Lillian Palko

Showing my quilt at the 30th Anniversary of Napa Quilt Guild that I started in 1981

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Thank Goodness for My Sweet 16 Life certainly wasn’t easy before my HQ Sweet Sixteen. First, hand quilting was frustratingly slow and painful. Painful because I would stick the needle into the same hole on my middle finger under the quilt that I had already stuck earlier. Although I loved the look of hand quilting, I never did develop the desirable quilter’s calluses. I had to search for a better, less painful way to quilt. After many years of painful and tedious hand quilting, I invested in my first domestic machine for machine quilting. While this method was a significant improvement to start with i.e.; no more painful pricks, and faster than hand quilting, the domestic machine also provided me with its own list of short comings. The machine stitching was slow, there wasn’t enough space to quilt a large design, and handling the quilt was like wrestling with dead weight. With no “needle down” function, the quilt would slip and my design would be ruined. Did I mention the joy of picking out stitches? Not! And try to manipulate the safety pinned basted quilt without bumping into all the little buggers was like playing pinball. Only in this case it wasn’t fun. And then an idea came to me. What I needed was a table frame with a machine that had a larger throat that I could guide over the quilt. Brilliant! Domestic machine purchase number two, new frame along with a table to set it on. This gave me a little more throat space with a whopping 4- 5 inches maximum before I had to roll the quilt. At least this time I enjoyed a small taste of what it must feel like to be a machine quilter; even if it was only doing borders or row after row of a narrow, simple quilt design. Once again, more limitations and more wasted dollars and disillusionment. Not so brilliant. In 2003, I learned via the internet about a new machine, the Handi Quilter16. It was being introduced at a quilt show in Chicago. Immediately I contacted Handi Quilter . As they told me about the fantastic features of the machine my eyes grew larger and my heart started pounding. The representative mentioned features that included: programmable needle up or needle down so you didn’t have to lose your place when pantograph quilting, and faster, adjustable speeds, the ability to quilt blocks up to 11 inches square without rolling. Plus, Laurel Barrus requested the US manufacturer (yes, made in the USA) to make the machine run well on even the poorest quality thread , which interpreted into making the machine run on ANY thread. To top it off, she also offered me the quilt show “special” pricing if I was really interested. Was I interested?! I was practically panting. And without another thought, I quickly pulled out the plastic. (I might add this is completely out of character for me who researches every major purchase.) Everything Handi Quilter said about the machine has proven true, and I still have fingerprints! Push button start and stop and speed faster or slower also with the push of a button. I can easily quilt larger spaces and utilize larger pantographs and block sizes. I don’t need to baste the quilt layers together. I am able to use a variety of tools such as plastic templates, rulers and pantograph patterns that give me many options for designs on quilts. There are “how to” videos on quilting from beginner to advanced quilters. Specialty threads such as metallic and thicker threads such as Superior Jean threads and thinner threads such as So Fine, with the right needles and slight tension adjustments run beautifully! Quilting changed from pain and drudgery to happy accomplishments with many UFO’s finally quilted. I turn up my music and do a little jig with each completed quilt. Since then, I’ve added the stitch regulator and micro handles and the Professional table. With every additional purchase from Handi Quilter I have received the same level of support and service that I did with my first call. Customer satisfaction is number one and it shows. I can’t possibly imagine my life before my “HQ Sweet Sixteen.” In fact, when I found a group forming in Yahoo about the Handi Quilter . I was first to upload a message. This was where I later coined the phrase “HQ Sweet Sixteen” My hands, my back and my happiness belong to you. This was my chance to say thank you Handi Quilter. Anyone remember Jackie Gleason and “How Sweet it is!” My sentiment exactly.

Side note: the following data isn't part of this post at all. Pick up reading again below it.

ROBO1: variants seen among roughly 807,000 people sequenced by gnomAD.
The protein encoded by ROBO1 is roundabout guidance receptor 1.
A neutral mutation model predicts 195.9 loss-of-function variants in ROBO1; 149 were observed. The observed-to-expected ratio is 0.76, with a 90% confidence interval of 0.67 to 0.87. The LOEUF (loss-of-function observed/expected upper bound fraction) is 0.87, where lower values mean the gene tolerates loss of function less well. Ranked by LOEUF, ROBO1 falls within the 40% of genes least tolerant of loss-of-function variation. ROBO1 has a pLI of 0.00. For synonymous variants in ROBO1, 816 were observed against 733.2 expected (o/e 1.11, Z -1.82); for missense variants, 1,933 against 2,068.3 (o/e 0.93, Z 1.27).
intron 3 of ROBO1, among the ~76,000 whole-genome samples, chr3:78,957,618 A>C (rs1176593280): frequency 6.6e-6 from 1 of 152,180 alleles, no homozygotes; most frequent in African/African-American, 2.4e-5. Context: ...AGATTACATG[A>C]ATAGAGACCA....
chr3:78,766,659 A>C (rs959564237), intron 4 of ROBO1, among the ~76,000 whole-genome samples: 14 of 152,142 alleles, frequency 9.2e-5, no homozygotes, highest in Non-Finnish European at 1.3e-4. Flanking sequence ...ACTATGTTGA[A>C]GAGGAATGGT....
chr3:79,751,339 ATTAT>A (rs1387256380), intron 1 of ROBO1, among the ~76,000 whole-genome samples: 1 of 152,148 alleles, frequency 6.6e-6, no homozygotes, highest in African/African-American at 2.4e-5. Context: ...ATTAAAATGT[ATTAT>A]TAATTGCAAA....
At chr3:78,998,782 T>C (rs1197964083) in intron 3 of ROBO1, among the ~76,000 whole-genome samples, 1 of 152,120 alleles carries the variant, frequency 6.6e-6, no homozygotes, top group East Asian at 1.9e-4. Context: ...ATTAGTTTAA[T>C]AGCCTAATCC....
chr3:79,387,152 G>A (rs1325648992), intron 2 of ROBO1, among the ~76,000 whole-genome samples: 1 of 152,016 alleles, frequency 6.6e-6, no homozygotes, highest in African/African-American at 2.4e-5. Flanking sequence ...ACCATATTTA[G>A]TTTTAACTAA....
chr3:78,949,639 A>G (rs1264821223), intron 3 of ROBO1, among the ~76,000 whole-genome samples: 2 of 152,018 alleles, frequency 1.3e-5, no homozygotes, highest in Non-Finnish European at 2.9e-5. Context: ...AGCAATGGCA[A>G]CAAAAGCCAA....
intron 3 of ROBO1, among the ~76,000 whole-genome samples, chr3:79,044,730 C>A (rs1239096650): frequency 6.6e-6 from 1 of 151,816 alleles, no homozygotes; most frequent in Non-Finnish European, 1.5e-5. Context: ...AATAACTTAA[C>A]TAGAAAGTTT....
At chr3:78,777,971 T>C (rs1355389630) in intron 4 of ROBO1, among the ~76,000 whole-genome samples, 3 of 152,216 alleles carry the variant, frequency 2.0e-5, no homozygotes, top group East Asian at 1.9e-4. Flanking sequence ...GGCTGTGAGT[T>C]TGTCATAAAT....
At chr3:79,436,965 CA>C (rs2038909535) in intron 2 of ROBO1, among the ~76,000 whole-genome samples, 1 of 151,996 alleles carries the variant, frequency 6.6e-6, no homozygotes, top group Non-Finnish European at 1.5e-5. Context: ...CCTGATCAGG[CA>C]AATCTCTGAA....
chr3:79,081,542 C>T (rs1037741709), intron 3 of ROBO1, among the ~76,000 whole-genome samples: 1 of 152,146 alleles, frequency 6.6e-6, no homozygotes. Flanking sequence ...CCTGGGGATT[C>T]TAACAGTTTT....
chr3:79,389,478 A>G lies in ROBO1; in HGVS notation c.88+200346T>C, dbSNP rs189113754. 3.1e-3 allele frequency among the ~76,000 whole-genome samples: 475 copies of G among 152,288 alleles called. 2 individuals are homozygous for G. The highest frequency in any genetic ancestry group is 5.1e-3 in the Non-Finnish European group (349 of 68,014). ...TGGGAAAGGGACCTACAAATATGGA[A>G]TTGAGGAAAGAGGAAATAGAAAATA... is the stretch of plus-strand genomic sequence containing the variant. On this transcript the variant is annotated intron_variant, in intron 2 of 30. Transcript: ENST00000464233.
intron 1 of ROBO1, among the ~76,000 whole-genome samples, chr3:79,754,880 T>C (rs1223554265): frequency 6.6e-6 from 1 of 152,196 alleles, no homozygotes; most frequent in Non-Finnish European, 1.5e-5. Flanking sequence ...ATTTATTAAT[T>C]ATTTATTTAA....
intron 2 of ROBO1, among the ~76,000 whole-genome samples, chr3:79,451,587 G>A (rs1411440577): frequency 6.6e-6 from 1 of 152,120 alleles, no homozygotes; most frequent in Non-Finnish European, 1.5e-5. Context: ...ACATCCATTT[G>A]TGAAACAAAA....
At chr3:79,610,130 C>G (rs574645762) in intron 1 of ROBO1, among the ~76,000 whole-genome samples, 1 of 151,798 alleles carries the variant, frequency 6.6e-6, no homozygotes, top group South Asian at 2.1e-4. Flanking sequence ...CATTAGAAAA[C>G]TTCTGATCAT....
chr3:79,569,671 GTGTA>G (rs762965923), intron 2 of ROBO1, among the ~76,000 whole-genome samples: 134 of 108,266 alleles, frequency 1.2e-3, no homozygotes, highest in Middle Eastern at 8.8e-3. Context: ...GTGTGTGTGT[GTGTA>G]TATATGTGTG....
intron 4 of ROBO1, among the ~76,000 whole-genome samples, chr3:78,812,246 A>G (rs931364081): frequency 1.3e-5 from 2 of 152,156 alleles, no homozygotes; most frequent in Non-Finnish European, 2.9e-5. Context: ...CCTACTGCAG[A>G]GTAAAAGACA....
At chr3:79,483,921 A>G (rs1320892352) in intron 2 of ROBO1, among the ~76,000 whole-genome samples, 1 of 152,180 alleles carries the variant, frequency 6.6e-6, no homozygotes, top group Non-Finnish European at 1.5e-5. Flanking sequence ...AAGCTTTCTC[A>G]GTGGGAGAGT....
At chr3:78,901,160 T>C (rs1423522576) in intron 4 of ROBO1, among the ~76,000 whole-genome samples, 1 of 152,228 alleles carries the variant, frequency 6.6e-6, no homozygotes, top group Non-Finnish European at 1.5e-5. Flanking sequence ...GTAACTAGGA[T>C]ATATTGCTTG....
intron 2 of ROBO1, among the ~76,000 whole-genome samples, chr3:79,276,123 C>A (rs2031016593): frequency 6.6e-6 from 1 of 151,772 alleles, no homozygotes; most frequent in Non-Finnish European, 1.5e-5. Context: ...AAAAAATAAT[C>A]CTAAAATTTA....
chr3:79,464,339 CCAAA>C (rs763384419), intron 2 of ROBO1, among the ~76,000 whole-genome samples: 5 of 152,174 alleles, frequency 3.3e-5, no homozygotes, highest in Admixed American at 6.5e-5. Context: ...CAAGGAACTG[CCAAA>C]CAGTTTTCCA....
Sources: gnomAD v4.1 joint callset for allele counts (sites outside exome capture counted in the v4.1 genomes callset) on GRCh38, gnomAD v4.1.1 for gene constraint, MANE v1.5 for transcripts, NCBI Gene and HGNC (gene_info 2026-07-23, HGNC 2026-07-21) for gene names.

I own the following HQ machine: HQ Sweet Sixteen